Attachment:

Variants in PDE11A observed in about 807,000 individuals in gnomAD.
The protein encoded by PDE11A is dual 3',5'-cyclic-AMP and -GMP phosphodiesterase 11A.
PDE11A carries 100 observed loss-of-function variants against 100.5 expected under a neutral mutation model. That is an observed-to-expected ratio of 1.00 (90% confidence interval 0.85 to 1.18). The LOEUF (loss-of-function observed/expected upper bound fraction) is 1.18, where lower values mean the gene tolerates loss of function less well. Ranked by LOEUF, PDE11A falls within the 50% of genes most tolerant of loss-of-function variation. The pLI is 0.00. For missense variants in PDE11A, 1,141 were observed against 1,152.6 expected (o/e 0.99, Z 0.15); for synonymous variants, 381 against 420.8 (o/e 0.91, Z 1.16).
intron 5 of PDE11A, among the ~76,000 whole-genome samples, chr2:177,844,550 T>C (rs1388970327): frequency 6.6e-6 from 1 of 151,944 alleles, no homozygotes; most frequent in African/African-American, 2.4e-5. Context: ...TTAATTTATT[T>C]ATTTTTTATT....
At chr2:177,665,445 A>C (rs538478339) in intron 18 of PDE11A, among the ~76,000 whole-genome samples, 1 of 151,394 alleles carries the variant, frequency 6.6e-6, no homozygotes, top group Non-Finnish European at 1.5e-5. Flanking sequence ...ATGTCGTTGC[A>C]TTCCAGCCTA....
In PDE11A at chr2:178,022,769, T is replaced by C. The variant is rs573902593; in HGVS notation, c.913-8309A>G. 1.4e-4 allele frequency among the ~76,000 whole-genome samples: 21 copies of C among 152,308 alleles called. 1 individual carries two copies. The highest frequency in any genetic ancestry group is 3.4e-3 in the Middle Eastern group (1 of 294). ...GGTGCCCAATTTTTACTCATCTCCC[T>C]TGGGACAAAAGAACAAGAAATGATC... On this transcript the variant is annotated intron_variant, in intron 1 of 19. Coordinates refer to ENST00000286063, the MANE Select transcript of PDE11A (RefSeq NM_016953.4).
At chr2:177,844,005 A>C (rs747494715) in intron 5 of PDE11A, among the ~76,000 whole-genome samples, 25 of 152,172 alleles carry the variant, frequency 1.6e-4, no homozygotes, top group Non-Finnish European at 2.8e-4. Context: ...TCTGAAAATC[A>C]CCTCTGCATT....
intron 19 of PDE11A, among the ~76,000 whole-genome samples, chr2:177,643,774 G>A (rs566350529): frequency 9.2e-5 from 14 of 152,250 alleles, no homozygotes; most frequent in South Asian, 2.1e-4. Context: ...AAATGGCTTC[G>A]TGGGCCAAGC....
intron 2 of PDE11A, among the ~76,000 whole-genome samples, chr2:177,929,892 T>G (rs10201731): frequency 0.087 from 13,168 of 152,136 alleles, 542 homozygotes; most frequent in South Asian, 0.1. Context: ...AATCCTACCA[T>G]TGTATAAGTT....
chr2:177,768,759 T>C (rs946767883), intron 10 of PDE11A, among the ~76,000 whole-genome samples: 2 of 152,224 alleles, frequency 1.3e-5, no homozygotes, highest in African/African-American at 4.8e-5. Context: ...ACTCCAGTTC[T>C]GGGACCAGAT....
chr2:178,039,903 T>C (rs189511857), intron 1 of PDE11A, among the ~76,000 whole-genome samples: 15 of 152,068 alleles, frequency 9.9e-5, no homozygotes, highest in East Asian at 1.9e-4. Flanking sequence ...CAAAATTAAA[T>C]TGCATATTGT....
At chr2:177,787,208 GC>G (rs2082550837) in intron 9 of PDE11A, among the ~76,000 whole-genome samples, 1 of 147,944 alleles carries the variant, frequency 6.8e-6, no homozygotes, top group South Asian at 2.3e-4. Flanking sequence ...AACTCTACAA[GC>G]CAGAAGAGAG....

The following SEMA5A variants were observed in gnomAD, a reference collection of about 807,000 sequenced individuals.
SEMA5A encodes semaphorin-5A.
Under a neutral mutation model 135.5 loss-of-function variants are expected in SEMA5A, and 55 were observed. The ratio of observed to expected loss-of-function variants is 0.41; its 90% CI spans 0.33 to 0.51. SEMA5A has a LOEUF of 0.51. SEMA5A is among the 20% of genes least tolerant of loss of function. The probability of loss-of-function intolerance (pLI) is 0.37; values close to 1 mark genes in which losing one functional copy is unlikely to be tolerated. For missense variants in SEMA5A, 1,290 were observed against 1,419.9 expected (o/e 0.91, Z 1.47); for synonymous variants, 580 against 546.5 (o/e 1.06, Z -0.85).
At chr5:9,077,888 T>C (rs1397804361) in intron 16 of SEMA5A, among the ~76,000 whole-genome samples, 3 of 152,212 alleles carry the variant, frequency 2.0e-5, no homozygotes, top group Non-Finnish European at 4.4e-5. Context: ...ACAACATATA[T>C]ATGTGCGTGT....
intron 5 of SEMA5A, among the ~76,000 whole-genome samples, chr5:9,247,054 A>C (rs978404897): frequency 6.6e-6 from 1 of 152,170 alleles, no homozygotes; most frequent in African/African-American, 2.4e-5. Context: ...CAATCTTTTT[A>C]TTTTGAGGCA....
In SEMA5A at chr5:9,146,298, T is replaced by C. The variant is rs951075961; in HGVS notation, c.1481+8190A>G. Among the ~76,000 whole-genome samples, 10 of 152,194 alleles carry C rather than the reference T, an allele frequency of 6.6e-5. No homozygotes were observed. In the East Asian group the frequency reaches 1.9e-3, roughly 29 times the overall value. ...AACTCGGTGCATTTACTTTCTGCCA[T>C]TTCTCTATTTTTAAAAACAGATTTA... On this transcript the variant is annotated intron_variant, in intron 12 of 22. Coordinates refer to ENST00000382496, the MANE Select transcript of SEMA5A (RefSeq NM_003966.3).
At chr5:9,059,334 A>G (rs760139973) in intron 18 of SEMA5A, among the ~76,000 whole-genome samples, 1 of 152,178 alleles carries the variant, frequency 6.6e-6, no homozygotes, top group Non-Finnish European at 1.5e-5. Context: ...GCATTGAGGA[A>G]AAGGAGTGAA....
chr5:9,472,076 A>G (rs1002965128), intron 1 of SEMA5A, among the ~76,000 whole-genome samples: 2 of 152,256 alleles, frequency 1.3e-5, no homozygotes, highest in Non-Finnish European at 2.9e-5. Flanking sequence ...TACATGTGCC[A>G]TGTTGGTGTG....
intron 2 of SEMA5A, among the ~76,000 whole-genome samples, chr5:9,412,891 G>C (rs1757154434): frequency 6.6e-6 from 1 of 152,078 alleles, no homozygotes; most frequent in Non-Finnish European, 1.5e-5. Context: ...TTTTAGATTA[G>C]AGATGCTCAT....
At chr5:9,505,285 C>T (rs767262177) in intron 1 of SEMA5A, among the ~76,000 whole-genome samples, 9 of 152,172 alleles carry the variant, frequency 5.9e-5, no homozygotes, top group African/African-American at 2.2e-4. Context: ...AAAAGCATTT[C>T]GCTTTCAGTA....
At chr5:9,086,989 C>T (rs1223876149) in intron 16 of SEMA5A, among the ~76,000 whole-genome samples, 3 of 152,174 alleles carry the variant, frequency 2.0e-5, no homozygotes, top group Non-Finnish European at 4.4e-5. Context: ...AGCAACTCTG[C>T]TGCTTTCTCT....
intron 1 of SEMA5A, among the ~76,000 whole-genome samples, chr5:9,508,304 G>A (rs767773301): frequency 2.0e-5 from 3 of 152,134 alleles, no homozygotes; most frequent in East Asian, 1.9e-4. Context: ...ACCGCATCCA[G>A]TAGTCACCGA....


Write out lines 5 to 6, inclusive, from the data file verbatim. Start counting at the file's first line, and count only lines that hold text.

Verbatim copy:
At chr2:177,665,445 A>C (rs538478339) in intron 18 of PDE11A, among the ~76,000 whole-genome samples, 1 of 151,394 alleles carries the variant, frequency 6.6e-6, no homozygotes, top group Non-Finnish European at 1.5e-5. Flanking sequence ...ATGTCGTTGC[A>C]TTCCAGCCTA....
In PDE11A at chr2:178,022,769, T is replaced by C. The variant is rs573902593; in HGVS notation, c.913-8309A>G. 1.4e-4 allele frequency among the ~76,000 whole-genome samples: 21 copies of C among 152,308 alleles called. 1 individual carries two copies. The highest frequency in any genetic ancestry group is 3.4e-3 in the Middle Eastern group (1 of 294). ...GGTGCCCAATTTTTACTCATCTCCC[T>C]TGGGACAAAAGAACAAGAAATGATC... On this transcript the variant is annotated intron_variant, in intron 1 of 19. Coordinates refer to ENST00000286063, the MANE Select transcript of PDE11A (RefSeq NM_016953.4).